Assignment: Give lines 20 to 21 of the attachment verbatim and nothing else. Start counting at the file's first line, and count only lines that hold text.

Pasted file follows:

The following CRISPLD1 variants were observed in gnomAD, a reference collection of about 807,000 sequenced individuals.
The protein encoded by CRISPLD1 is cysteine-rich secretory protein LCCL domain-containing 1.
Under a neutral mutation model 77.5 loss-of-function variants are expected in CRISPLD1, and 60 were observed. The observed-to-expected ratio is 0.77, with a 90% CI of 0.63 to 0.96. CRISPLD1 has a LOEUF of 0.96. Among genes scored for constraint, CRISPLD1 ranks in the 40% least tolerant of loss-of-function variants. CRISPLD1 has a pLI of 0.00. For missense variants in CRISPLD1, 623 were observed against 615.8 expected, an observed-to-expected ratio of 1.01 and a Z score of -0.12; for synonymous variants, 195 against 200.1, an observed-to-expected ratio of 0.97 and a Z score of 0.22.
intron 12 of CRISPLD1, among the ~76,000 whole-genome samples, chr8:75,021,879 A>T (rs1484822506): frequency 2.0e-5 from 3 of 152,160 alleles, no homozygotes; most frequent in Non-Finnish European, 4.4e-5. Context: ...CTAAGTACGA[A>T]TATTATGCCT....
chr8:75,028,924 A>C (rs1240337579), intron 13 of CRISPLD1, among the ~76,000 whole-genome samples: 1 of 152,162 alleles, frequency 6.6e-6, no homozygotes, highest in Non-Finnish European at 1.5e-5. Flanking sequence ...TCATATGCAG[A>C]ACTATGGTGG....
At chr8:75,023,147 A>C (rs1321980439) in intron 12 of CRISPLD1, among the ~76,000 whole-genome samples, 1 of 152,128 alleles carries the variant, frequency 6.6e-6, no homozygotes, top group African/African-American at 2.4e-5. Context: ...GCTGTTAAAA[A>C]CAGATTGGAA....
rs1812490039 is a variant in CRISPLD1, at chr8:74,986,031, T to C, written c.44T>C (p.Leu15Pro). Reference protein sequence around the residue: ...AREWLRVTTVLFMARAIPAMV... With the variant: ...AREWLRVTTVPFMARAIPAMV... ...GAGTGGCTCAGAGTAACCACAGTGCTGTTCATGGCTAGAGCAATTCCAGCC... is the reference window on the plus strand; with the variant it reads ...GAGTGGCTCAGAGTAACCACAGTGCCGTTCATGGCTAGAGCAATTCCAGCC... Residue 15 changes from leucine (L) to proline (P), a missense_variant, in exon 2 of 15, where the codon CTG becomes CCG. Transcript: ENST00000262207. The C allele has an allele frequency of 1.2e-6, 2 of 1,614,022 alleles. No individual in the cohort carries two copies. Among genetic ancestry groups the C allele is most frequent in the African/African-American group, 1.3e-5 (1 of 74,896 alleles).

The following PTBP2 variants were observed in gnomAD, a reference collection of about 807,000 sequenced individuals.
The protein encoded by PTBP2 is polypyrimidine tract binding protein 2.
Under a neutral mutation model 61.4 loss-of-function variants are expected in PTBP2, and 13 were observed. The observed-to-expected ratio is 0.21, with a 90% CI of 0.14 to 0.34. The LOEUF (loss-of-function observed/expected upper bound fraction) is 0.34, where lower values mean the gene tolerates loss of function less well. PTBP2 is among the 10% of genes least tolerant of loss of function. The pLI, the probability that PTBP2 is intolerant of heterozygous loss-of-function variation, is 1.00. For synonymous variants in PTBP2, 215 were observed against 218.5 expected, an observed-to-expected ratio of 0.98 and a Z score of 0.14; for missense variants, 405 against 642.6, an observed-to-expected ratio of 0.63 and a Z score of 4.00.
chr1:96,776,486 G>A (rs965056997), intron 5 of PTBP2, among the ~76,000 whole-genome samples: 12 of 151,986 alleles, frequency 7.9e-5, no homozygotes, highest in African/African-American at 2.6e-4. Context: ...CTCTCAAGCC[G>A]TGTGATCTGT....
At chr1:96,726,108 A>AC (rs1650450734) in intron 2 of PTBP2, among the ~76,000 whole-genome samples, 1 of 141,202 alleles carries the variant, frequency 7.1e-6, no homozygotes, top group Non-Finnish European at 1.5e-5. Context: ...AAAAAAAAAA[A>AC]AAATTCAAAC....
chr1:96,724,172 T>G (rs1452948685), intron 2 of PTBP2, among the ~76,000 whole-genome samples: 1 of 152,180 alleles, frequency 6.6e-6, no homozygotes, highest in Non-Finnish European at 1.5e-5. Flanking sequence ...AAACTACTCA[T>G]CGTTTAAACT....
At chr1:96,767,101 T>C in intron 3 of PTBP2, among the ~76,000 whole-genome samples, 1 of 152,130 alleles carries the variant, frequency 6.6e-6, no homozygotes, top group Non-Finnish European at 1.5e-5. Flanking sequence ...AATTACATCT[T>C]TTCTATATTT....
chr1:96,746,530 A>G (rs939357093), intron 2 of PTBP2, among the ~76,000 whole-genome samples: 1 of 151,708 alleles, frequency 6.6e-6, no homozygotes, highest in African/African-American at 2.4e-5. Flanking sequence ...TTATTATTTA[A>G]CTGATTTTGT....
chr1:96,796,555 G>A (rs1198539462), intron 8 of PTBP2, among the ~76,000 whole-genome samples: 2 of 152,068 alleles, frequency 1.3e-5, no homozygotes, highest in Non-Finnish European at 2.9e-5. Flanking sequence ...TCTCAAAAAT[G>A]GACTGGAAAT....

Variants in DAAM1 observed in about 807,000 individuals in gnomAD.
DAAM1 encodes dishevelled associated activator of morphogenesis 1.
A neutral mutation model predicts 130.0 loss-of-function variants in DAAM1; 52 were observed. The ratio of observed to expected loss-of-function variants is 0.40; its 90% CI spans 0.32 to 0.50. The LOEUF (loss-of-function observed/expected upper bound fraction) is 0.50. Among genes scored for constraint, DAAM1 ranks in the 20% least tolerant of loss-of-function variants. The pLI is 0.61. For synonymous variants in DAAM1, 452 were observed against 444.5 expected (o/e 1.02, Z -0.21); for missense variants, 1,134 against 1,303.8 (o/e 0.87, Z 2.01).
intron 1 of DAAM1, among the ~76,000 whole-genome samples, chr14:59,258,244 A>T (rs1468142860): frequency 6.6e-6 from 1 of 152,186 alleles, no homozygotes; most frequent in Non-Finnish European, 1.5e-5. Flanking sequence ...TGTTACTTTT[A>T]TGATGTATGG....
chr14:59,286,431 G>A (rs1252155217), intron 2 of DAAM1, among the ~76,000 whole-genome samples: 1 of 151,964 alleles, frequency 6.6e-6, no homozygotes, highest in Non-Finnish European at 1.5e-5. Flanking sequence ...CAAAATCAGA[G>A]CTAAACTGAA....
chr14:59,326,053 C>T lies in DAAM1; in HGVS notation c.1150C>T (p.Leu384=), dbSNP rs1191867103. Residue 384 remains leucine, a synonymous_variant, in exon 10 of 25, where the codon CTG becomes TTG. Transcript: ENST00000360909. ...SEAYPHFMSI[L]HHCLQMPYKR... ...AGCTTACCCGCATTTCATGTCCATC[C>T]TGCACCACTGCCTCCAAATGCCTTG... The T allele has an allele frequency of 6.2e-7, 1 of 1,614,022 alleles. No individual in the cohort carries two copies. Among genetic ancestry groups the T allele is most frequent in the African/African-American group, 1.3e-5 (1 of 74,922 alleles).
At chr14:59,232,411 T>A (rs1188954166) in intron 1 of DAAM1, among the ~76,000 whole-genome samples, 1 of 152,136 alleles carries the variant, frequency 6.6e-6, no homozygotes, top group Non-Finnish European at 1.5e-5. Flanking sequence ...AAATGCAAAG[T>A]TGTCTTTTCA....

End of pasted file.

intron 1 of DAAM1, among the ~76,000 whole-genome samples, chr14:59,258,244 A>T (rs1468142860): frequency 6.6e-6 from 1 of 152,186 alleles, no homozygotes; most frequent in Non-Finnish European, 1.5e-5. Flanking sequence ...TGTTACTTTT[A>T]TGATGTATGG....
chr14:59,286,431 G>A (rs1252155217), intron 2 of DAAM1, among the ~76,000 whole-genome samples: 1 of 151,964 alleles, frequency 6.6e-6, no homozygotes, highest in Non-Finnish European at 1.5e-5. Flanking sequence ...CAAAATCAGA[G>A]CTAAACTGAA....